Horizon HD / WiFi Weak WiFi Passphrase Generation

Type packetstorm
Reporter Ivan Almuina
Modified 2016-01-28T00:00:00


Advisory ID: HCA0005 - http://hackingcorp.ch/advisories/HCA0005.pdf  
Product: Horizon HD / WiFi  
Vendor: Liberty Global plc companies (Unitymedia GmbH, UPC Cablecom, ...)  
Affected Version(s): unknown  
Tested Version(s): current  
Vulnerability Type: Weak WiFi passphrase generation  
Risk Level: Medium  
Vendor Notification: 2015-05-14  
Public Disclosure: 2016-01-25, patch ready (and validated by HC)  
CVE Reference: Not assigned  
Author of Advisory: Iván Almuiña <ivan.almuina and domain hackingcorp.ch>  
Document date: 2015-05-14 initial version sent to Liberty Global plc  
Document update: 2016-01-14 censored version for public disclosure  
Credits: Iván Almuiña for finding the vulnerability and developing the PoC  
Special Thanks: Nicolas Oberli for cleaning up the Proof-of-Concept  
The current model of the Horizon HD device sold by Liberty Global companies  
(Unitymedia GmbH, UPC Cablecom, etc. We are not aware of all their companies  
that sell this Set-Top Box around the world.) uses a weak default SSID/WPA2  
passphrase generator. This vulnerability allows an attacker to predict – in  
a matter of seconds and offline – the default WPA2 passphrase based on the  
default SSID. By default, the latter is set as UPC24 or UPC50 followed by 7  
digits (i.e. UPC241234567).  
Technical details  
During the boot process the script "/etc/init.d/XXXX" executes the binary  
file named "/usr/sbin/XXXX". This executable checks if it has to setup the  
default WiFi configuration, the following function manages the process:  
| Due to legal restrictions and to limit potential damage this information |  
| has been removed. |  
As we can see in the previous excerpt the SSID and WPA2 passphrase  
generation is based on the Cable Modem MAC address. The XXXX_* functions are  
imported from the lib "/lib/XXXX.so" and contains the PRNG algorithm, in the  
following excerpt we can see that the PRNG is fairly weak:  
| Due to legal restrictions and to limit potential damage this information |  
| has been removed. |  
Based on the previous information we now know how to bruteforce the key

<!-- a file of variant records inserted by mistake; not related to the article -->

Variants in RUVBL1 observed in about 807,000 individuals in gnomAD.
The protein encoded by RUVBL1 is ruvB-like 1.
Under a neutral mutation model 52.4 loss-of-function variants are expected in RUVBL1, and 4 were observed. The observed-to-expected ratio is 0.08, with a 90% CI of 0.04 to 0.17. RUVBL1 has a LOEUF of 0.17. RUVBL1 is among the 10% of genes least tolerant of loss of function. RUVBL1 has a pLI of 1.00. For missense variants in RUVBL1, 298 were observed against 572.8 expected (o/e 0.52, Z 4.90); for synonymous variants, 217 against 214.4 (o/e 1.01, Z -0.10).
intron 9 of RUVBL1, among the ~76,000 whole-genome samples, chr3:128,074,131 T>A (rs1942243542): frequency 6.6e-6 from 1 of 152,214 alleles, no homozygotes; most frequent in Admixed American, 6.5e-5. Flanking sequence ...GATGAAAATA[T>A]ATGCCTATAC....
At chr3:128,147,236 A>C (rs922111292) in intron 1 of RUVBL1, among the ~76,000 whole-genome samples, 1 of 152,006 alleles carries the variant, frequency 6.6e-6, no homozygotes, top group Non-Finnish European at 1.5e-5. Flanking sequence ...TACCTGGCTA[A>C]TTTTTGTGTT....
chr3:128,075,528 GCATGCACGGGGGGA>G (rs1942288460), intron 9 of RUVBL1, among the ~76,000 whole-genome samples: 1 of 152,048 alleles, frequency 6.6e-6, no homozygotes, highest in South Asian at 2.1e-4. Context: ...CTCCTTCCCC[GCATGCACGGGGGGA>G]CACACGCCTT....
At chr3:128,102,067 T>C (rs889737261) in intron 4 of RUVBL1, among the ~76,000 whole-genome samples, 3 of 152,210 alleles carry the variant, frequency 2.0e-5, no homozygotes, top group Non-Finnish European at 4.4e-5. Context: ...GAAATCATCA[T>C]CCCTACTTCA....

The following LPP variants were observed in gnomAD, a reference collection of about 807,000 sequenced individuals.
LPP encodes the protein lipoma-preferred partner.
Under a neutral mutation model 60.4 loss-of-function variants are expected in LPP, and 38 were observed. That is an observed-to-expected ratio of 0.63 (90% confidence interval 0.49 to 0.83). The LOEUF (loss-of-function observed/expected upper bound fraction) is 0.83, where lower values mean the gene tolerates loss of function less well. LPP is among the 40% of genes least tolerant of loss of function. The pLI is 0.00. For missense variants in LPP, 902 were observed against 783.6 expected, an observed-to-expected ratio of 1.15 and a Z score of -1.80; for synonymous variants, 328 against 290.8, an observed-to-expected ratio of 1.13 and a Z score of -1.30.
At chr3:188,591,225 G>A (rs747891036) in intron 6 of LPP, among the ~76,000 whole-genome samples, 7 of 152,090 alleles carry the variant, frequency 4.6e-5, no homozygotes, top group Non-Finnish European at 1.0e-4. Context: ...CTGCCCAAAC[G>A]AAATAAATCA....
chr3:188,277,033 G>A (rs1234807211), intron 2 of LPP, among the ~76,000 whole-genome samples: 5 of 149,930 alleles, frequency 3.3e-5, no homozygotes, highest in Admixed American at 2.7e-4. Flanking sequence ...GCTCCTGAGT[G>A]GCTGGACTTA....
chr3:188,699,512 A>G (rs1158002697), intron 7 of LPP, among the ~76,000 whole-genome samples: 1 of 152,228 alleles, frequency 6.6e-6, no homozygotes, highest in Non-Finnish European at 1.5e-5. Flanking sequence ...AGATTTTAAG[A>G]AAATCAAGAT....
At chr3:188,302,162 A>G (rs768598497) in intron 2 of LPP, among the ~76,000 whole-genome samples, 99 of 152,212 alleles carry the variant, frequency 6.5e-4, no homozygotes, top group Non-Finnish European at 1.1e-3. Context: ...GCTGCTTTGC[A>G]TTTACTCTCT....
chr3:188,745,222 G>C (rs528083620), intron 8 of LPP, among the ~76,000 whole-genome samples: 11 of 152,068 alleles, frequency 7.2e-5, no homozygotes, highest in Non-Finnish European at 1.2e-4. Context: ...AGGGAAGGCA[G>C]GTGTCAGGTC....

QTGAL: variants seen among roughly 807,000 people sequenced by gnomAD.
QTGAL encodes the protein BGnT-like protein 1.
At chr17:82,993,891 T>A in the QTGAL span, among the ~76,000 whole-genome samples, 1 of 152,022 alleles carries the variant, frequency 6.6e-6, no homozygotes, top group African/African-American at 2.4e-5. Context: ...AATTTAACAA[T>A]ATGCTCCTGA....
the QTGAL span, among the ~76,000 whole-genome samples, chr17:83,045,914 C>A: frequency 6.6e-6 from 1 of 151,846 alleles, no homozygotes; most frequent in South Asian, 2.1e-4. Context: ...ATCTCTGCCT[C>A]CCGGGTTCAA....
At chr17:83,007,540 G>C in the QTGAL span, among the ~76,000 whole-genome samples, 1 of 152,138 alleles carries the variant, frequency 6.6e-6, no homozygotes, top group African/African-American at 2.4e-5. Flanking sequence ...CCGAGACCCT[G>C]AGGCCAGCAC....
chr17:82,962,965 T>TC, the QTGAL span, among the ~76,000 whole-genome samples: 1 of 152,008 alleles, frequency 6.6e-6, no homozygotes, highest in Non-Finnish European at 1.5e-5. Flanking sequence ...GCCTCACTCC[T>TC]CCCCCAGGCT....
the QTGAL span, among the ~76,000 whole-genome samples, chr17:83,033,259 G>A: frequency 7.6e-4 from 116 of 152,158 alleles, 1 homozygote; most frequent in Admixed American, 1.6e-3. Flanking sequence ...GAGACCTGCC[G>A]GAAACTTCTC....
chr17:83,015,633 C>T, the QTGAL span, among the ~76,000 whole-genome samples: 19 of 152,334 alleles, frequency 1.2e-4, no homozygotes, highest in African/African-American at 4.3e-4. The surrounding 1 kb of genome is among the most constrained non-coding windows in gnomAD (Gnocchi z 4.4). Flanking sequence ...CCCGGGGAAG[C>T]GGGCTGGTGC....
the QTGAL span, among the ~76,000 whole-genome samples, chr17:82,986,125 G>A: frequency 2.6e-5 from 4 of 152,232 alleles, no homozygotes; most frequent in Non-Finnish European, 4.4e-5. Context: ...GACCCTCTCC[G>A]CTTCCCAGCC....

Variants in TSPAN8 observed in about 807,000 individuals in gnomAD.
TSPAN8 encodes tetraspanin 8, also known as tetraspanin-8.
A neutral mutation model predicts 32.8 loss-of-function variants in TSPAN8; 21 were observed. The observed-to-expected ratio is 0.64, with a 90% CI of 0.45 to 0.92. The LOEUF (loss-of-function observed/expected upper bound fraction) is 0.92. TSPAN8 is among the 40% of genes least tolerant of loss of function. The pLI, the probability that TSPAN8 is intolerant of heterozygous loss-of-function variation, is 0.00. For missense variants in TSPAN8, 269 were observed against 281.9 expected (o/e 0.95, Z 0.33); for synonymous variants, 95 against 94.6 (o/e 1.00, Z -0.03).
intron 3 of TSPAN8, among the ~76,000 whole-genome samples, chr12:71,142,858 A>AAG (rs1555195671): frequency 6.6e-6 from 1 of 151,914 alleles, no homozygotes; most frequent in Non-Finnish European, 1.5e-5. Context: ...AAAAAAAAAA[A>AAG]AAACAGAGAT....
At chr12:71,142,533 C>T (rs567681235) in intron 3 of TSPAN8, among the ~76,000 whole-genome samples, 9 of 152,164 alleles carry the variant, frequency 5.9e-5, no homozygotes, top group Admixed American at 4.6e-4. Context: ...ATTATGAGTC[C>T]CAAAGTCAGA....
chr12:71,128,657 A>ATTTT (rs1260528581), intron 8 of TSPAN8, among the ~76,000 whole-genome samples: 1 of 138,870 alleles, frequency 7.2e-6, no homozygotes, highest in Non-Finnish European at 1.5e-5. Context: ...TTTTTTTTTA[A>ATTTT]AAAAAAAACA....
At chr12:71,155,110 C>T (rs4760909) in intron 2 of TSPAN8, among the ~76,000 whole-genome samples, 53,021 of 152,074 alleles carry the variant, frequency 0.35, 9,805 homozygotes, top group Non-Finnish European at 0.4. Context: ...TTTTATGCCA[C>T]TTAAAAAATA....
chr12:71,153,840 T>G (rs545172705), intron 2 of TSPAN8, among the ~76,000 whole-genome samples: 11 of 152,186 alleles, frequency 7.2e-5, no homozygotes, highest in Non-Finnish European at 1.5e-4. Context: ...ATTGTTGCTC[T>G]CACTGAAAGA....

space to find the PRNG’s seed, which is the MAC address. An important detail  
here is that the MAC addresses are 6 bytes long, with the first 3 bytes  
representing the manufacturer (OUI).  
This means that we are left with only 3 bytes (24 bits) to bruteforce,  
greatly reducing the required time to explore all the key space.  
The exploit works like this:  
- Start with the MAC address XX:XX:XX:00:00:00 until XX:XX:XX:ff:ff:ff  
- Generate the SSIDs based on the MAC address, try to match it  
- If the SSID matches, generate the passphrase -> potential candidate  
This process only takes a couple of seconds and has been implemented in a  
Proof-of-Concept to verify the feasibility of the attack.  
Proof of Concept  
A weaponized exploit that takes advantage of this vulnerability named  
'Horizon-WiFi.c' has been provided to the right persons.  
The exploit takes a default SSID as input and outputs (in 2-3 seconds) some  
passphrase candidates usually between 1 and 4.  
If for some reason you consider that you should have access to the exploit  
and/or the uncensored advisory, feel free to send your demand to 'contact'  
followed by the domain hackingcorp.ch.  
The SSID should not allow to reconstruct the PRNG seed. A solution would be  
to divert the SSID from a different PRNG and/or use a Cryptographic RNG.  
For the end users the solution is quite easy, change the default SSID/WPA2  
passphrase of your Horizon HD STB.  
Update 2016/01/14: The new firmware fixes the vulnerability using  
cryptographic algorithms and diverting the seeds from unpredictable sources.  
At this point Hacking Corp. does not know if the new firmware has been  
pushed to all the affected customers, thus we recommend to apply the end  
users solutionpreviously described.  
The information in the advisory is believed to be accurate at the time of  
publishing based on currently available information. Use of the information  
constitutes acceptance for use in an AS IS condition. There are no  
warranties with regard to this information. Neither the author nor the  
publisher accepts any liability for any direct, indirect, or consequential  
loss or damage arising from use of, or reliance on, this information.